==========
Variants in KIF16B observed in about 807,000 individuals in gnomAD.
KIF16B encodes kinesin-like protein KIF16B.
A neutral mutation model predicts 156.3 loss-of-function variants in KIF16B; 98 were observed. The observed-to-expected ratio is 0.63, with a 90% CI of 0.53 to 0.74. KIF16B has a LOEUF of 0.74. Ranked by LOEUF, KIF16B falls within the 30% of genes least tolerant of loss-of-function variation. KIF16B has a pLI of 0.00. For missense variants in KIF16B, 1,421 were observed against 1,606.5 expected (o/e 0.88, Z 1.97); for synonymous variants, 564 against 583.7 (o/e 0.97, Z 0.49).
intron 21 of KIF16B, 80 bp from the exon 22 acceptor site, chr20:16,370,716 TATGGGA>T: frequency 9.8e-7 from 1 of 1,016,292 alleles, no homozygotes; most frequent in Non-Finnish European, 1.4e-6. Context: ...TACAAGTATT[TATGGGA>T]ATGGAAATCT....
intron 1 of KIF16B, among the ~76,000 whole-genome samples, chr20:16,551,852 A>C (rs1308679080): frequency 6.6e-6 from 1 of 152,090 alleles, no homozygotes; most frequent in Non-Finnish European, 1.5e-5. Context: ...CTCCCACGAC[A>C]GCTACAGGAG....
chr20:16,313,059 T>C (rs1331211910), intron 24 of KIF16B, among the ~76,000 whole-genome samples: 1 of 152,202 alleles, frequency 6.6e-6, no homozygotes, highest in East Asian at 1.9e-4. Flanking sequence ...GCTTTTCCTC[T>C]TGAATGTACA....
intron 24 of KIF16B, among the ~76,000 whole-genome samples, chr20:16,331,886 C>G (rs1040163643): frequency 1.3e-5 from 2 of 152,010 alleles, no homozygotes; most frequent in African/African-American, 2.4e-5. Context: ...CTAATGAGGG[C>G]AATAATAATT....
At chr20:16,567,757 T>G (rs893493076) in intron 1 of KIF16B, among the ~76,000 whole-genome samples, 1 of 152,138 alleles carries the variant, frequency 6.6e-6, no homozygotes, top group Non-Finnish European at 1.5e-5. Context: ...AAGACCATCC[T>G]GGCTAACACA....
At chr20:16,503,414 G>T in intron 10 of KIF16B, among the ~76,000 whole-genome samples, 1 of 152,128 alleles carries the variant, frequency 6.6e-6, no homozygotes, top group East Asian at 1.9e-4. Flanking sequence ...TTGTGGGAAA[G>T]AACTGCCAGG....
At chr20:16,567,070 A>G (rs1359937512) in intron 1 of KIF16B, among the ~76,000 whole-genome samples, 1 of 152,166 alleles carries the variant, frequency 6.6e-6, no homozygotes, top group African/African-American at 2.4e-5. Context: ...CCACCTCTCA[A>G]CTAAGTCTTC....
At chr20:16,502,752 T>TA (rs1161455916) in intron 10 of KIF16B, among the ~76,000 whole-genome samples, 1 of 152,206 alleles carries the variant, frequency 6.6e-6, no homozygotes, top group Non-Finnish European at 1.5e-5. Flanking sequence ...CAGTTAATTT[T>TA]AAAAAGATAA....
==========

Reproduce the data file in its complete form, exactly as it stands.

Variants in KIF16B observed in about 807,000 individuals in gnomAD.
KIF16B encodes kinesin-like protein KIF16B.
A neutral mutation model predicts 156.3 loss-of-function variants in KIF16B; 98 were observed. The observed-to-expected ratio is 0.63, with a 90% CI of 0.53 to 0.74. KIF16B has a LOEUF of 0.74. Ranked by LOEUF, KIF16B falls within the 30% of genes least tolerant of loss-of-function variation. KIF16B has a pLI of 0.00. For missense variants in KIF16B, 1,421 were observed against 1,606.5 expected (o/e 0.88, Z 1.97); for synonymous variants, 564 against 583.7 (o/e 0.97, Z 0.49).
intron 21 of KIF16B, 80 bp from the exon 22 acceptor site, chr20:16,370,716 TATGGGA>T: frequency 9.8e-7 from 1 of 1,016,292 alleles, no homozygotes; most frequent in Non-Finnish European, 1.4e-6. Context: ...TACAAGTATT[TATGGGA>T]ATGGAAATCT....
intron 1 of KIF16B, among the ~76,000 whole-genome samples, chr20:16,551,852 A>C (rs1308679080): frequency 6.6e-6 from 1 of 152,090 alleles, no homozygotes; most frequent in Non-Finnish European, 1.5e-5. Context: ...CTCCCACGAC[A>C]GCTACAGGAG....
chr20:16,313,059 T>C (rs1331211910), intron 24 of KIF16B, among the ~76,000 whole-genome samples: 1 of 152,202 alleles, frequency 6.6e-6, no homozygotes, highest in East Asian at 1.9e-4. Flanking sequence ...GCTTTTCCTC[T>C]TGAATGTACA....
intron 24 of KIF16B, among the ~76,000 whole-genome samples, chr20:16,331,886 C>G (rs1040163643): frequency 1.3e-5 from 2 of 152,010 alleles, no homozygotes; most frequent in African/African-American, 2.4e-5. Context: ...CTAATGAGGG[C>G]AATAATAATT....
At chr20:16,567,757 T>G (rs893493076) in intron 1 of KIF16B, among the ~76,000 whole-genome samples, 1 of 152,138 alleles carries the variant, frequency 6.6e-6, no homozygotes, top group Non-Finnish European at 1.5e-5. Context: ...AAGACCATCC[T>G]GGCTAACACA....
At chr20:16,503,414 G>T in intron 10 of KIF16B, among the ~76,000 whole-genome samples, 1 of 152,128 alleles carries the variant, frequency 6.6e-6, no homozygotes, top group East Asian at 1.9e-4. Flanking sequence ...TTGTGGGAAA[G>T]AACTGCCAGG....
At chr20:16,567,070 A>G (rs1359937512) in intron 1 of KIF16B, among the ~76,000 whole-genome samples, 1 of 152,166 alleles carries the variant, frequency 6.6e-6, no homozygotes, top group African/African-American at 2.4e-5. Context: ...CCACCTCTCA[A>G]CTAAGTCTTC....
At chr20:16,502,752 T>TA (rs1161455916) in intron 10 of KIF16B, among the ~76,000 whole-genome samples, 1 of 152,206 alleles carries the variant, frequency 6.6e-6, no homozygotes, top group Non-Finnish European at 1.5e-5. Flanking sequence ...CAGTTAATTT[T>TA]AAAAAGATAA....